As part of the Allied effort against fascism, Mexico took its new role seriously. Fueled
by ideas of nationalism, Mexicanos responded to its new relationship with the United States in a
México- United States Pre- War Relations and Policy Changes
Elected in 1934, President Lázaro Cárdenas brought stability to México. He is described
as a “President of the People;” a president who would often take the time to listen to the
complaints and concerns of México’s peasant population.4 He was also a strong advocate of
change and implemented numerous reforms. He envisioned a nation empowered by national
identity, unity, and pride. These reforms created more benefits for México’s poor community.
President Cárdenas worked hard to provide better educational programs as well as health and
social benefits for workers. He is most credited for redistributing 49 million acres of land to the
country’s peasant population.5
Nonetheless, problems such as inflation, national debt, and excessive spending persisted.
The country’s relationship with the United States was affected by this crisis as well as other
policies implemented by this country during this time. The Repatriation Movement exercised by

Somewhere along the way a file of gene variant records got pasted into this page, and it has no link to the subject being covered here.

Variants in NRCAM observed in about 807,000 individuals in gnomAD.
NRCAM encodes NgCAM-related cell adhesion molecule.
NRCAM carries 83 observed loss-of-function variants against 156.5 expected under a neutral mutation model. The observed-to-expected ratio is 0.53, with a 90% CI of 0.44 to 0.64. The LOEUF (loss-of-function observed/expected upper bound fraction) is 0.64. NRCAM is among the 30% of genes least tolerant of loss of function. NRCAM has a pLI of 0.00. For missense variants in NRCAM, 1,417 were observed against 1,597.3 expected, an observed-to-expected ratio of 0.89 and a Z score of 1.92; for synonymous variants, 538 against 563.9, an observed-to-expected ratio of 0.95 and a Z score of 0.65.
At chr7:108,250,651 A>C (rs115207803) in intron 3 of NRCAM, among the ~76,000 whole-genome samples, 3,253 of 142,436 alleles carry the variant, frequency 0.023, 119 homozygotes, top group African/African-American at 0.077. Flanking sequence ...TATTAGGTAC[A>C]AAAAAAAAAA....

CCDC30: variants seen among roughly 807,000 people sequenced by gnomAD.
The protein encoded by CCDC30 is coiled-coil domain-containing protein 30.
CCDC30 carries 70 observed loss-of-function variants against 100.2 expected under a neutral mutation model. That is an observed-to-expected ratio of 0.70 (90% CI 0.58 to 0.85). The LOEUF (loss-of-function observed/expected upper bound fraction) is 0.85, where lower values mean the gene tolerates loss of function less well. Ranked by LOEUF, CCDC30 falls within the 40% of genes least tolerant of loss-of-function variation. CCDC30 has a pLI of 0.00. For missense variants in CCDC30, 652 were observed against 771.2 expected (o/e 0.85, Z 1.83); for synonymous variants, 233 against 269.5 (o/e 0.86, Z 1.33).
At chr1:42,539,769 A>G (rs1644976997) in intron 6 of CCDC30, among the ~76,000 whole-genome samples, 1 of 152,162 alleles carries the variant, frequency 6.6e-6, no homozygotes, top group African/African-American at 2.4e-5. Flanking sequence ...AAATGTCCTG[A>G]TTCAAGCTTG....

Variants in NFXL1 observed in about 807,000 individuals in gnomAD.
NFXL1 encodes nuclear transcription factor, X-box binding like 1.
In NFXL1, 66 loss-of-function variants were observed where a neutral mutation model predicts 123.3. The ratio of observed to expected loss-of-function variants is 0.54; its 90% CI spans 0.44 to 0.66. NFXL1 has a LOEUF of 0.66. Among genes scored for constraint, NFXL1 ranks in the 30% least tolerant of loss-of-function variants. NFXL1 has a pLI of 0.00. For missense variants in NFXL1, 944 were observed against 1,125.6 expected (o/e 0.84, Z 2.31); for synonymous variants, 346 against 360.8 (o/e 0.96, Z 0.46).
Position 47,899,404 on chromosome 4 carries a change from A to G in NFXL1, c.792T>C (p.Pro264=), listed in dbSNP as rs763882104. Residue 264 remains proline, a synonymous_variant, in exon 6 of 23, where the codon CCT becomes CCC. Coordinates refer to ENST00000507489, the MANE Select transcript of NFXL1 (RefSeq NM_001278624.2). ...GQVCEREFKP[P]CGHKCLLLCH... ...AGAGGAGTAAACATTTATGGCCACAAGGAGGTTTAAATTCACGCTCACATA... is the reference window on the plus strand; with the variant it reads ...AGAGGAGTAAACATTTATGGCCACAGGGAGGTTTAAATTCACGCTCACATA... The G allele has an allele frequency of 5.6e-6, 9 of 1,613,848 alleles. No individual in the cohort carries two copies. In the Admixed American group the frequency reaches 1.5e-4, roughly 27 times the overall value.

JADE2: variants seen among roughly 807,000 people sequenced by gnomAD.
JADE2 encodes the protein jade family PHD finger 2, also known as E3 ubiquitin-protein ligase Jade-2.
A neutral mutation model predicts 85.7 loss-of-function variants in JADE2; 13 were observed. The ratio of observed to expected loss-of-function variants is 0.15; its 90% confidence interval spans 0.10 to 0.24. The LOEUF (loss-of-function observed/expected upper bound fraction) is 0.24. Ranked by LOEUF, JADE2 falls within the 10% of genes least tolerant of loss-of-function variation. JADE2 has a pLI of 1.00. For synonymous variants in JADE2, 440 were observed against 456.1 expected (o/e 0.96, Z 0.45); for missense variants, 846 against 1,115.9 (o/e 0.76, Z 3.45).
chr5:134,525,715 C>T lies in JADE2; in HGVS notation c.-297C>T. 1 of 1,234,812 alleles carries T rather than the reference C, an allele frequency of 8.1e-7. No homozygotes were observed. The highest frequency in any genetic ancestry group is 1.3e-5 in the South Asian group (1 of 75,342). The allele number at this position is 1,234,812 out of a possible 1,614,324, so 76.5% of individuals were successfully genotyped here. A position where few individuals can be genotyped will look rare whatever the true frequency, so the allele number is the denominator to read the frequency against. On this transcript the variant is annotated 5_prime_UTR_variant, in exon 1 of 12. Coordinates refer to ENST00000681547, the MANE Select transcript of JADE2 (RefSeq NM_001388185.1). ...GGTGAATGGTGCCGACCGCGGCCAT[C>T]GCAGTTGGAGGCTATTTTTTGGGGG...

various U.S. states during the 1930’s heightened tension between the two countries. This policy
mandated that “all who looked Mexican,” be deported. Although the specific number of people
deported is unknown, it is estimated that approximately 400,000 Mexican nationals and Mexican
Americans were repatriated during 1929-1935.6 President Cárdenas responded to this crisis by
4 Enrique Krauze, MÉXICO: Biography of Power,1810-1996 (New York: HarperCollins Publishers, Inc.,1997), 457.
5 Michael C. Meyer, William L. Sherman, and Susan M. Deeds, The Course of Mexican History (New York: Oxford University Press, 1999), 577-578
6 Manuel G. Gonzáles, Mexicanos: A History of Mexicans in the United States (Indiana: Indiana University Press, 1997), 148.